Marketing Works Today

Integrated Digital Marketing & PR Consulting from Brown Ltd.

Brand Journalist or Another Title?

Real Estate Brand Journalism via Email

You can call me anything you want as long as I get paid and you don’t call me late for dinner.

I’ve been doing “brand journalism” and content marketing since the 1980’s at IBM. Before that I was a national magazine and newspaper reporter, contributing editor, stringer, feature writer, managing editor, etc… Lots of titles.

It’s all semantics.

The lines between a classical journalist and a content maker are blurred almost beyond recognition.

I’ve had magazines ask me to write puff pieces for advertisers for their news section. I’ve produced videos for companies that ended up as segments on Discovery or a local affiliate, I’ve produced “News Minutes” for radio that focused on an advertiser’s product or service, and on and on.

Media company journalists are content makers. So are brand journalists.

The media company will say they are objective and don’t take a position on a story. The brand journalist clearly takes a position. Do you believe the media company?

I’ve learned since sitting in media company editorial meetings pitching stories: There is little, if any, objectivity.

The fact that an editor or editorial staff would choose to run a story on a celebrity divorce, instead of a story on the Marines that were killed this week in a war zone, automatically demonstrates bias. They are biased based on what their audience wants and their business model vs. what really is important news.

The act of choosing a particular story, one quote over another, who to quote, one fact over another fact, is an act of bias. There’s very little that’s “objective” about it.

And that doesn’t include purposefully spinning a story the way media companies do. They have their “editorial positions” on issues and as a reporter, you better follow them, or out you go.

Each writer and editor brings all their experience and baggage to the party. You can try to fake objectivity, but using judgment about a story is an act of subjectivity.

The news business is a business first. The “code of journalism ethics” is a fairy tale [Oh, there I’ve gone and said it – let the hate email begin]. Nice thing to aspire too but not followed or in most cases not practical. The code is to sell eyeballs and ears, as many as you can, so you can increase ad revenue, not some lofty goal of news nirvana.

Newsletter Postcard

The only reason there is evening news from a local affiliate TV station is to put content around the advertising – not the other way around. Do you really care about the car wrecks, burglaries somewhere else, weather emergencies outside your neighborhood, etc? What is the journalism “code” for that?

It’s great to tell all sides of a story. That’s what hard news and feature journalists are supposed to do. But it’s rare when it happens for a lot of reasons: time, space, budget, knowledge…

Most Americans trust journalists less than lawyers or car and real estate salespeople. Why? Because they know objectivity is a myth. They would rather that the writer/producer just be honest about it… like brand journalists are.

Brand Journalism (or whatever you want to call it) – helpful information that customers and prospects care about, usually told as a story – has driven more press to my employers and clients than thousands of press releases.

In fact, I have publishers from newspapers, magazines, and GMs from TV stations contact me to get in on the action. They figure it’s better to find a way to work together than compete. It’s all about the quality of the content and the analytics. Get more eyeballs than the press, and the press will come running.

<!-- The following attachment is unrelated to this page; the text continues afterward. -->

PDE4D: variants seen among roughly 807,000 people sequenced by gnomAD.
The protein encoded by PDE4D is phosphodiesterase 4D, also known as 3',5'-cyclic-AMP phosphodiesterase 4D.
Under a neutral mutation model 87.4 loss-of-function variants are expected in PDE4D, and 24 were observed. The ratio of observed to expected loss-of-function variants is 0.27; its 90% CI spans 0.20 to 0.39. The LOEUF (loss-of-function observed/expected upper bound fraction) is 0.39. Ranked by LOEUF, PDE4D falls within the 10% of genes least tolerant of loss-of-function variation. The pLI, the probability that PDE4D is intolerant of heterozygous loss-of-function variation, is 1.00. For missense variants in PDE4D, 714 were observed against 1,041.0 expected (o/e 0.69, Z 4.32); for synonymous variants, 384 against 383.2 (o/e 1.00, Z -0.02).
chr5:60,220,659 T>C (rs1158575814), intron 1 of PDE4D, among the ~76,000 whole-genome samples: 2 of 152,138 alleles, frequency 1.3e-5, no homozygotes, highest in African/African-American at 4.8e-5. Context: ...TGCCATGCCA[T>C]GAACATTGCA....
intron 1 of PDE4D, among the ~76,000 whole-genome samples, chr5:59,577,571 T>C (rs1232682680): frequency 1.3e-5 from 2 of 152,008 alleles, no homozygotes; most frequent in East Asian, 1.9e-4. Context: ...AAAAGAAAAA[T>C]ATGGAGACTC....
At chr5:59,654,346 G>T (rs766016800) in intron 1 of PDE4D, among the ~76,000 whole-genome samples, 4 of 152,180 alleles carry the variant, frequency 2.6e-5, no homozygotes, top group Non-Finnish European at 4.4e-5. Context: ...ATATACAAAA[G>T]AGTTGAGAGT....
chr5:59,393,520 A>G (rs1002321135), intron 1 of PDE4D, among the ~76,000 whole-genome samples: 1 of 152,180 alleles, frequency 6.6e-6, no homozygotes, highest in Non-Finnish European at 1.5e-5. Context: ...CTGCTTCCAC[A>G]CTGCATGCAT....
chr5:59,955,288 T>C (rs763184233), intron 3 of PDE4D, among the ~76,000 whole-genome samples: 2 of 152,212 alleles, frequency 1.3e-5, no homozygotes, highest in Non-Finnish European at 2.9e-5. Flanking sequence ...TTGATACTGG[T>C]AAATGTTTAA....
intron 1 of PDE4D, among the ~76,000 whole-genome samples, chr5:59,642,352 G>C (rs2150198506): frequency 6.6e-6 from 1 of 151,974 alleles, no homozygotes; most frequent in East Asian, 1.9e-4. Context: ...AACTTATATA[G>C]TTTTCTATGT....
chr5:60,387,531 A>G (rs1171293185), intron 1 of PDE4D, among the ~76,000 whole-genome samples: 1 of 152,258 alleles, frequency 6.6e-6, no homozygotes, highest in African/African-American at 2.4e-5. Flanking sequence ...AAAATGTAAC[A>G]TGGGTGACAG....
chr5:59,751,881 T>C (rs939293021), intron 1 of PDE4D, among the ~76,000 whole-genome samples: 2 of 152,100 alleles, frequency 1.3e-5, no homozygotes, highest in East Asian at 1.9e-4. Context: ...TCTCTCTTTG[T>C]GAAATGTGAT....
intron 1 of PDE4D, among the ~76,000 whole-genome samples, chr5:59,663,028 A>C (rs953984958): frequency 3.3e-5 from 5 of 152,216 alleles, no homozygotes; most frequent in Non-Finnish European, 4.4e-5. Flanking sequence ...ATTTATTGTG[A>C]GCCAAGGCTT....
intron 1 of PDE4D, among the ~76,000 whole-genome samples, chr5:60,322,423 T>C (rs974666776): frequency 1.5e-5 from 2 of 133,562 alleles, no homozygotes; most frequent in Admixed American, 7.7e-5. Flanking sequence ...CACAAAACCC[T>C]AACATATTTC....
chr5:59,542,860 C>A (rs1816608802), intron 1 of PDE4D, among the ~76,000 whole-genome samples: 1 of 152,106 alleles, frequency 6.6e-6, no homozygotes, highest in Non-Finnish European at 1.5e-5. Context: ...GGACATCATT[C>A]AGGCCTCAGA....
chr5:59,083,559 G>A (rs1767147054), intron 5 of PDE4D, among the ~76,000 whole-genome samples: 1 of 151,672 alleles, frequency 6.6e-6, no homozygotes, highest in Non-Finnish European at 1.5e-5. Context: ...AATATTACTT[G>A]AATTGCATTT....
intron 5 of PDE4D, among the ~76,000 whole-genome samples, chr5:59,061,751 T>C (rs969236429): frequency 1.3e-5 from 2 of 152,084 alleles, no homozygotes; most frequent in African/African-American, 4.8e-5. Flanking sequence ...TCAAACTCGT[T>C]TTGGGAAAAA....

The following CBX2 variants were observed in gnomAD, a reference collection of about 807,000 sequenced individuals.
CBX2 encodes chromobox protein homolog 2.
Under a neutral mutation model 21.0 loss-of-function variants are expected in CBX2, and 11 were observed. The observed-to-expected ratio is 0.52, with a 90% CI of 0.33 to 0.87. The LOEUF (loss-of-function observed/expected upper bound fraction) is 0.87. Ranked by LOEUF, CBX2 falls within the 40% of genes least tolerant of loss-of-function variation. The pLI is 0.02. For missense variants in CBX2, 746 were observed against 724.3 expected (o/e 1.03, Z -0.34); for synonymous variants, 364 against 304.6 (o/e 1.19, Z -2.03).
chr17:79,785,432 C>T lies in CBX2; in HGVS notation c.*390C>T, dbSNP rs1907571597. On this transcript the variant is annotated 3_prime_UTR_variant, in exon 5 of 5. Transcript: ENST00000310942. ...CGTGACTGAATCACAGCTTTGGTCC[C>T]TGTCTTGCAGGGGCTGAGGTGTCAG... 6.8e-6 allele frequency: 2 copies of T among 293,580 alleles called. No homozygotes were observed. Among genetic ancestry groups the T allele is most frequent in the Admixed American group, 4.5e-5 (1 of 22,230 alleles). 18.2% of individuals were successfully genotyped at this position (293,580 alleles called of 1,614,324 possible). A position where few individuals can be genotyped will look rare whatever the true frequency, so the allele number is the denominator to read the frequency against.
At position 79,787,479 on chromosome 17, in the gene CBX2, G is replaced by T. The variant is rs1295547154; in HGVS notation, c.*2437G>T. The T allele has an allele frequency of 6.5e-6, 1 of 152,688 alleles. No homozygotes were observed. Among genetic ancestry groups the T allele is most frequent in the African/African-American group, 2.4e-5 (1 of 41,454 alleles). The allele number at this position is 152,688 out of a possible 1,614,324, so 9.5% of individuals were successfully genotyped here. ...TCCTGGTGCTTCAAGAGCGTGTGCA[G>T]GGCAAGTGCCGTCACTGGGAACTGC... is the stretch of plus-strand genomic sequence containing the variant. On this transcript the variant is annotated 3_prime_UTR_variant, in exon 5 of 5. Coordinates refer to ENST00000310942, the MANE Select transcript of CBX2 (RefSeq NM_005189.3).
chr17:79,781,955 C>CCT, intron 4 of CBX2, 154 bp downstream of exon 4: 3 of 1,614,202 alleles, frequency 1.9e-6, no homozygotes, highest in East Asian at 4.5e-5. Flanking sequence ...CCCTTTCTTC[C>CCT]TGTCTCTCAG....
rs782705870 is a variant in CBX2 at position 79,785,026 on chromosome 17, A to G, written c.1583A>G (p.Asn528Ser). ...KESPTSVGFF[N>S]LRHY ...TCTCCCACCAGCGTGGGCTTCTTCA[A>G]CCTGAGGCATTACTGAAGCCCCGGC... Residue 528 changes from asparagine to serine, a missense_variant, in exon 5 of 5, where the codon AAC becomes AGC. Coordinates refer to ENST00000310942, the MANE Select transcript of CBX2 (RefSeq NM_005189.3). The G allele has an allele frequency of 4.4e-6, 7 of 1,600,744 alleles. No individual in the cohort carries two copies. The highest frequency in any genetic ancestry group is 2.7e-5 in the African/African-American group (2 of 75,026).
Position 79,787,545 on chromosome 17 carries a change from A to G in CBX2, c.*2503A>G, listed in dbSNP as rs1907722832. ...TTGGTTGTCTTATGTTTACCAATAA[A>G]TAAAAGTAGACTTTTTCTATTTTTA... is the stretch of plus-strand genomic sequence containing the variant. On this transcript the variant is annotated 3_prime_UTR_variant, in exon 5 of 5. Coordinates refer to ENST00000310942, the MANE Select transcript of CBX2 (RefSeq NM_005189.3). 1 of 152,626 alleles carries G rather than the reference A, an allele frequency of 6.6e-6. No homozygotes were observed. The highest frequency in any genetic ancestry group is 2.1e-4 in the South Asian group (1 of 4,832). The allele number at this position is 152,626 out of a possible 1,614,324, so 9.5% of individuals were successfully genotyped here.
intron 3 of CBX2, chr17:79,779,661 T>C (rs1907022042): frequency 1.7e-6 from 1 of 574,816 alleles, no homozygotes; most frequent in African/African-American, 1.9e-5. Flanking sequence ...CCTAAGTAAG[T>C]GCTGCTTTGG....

How about this for a title: I’m a for-profit content maker. No? Better yet, just call me paid.

Filed under: Brand Journalism, Content Marketing, Print, Real Estate Marketing, Writing, , , , , , , , , , , , ,

Media Relations is not Public Relations

David Meerman Scott has done it again. He makes an important point in the public relations / media relations industry.  Read his blog post, including the comments, and understand the differences:

http://www.webinknow.com/2010/04/media-relations-is-not-public-relations.html

Filed under: Blogging, Public & Media Relations, Social Media Marketing, , , , , , , , ,

3 Sources to Help You Take the Guesswork Out of Marketing & Advertising

I’ll bet you want to find out how to get more qualified leads, prospects, clients, and sales?

I’ve received a lot of questions in the last couple of weeks about what are the best sources for practical information on marketing – especially online.

One of my specialties is to look across industries, find best practices, and test to see if what I learned applies to a particular industry.  This method has helped me introduce new marketing methods and systems for many products and brands.

There is NO magic bullet for marketing, especially in this economy, even though there are a lot of marketing pros searching for it, and a lot of hucksters promoting it.

Like many industries, marketing is an evolving science.  I say science because if you are doing it right, you don’t spend a dime on marketing without a strict measurement system in place – that means a well-thought-out-system [including Math] to check the results!

This next statement is going to surprise you. Please let me explain.

Two of the best sources of advertising knowledge today come from an early advertising copywriter, John Caples, that wrote “Tested Advertising Methods” in 1932, and Claude Hopkins, an engineer and inventor that wrote “Scientific Advertising,” also in 1932.

Most of their principles for testing marketing and advertising work today – you just apply their methods to traditional advertising AND online.  I read these books early in my career and have worked to apply what they taught me to direct mail, traditional advertising (print, TV, radio), and online.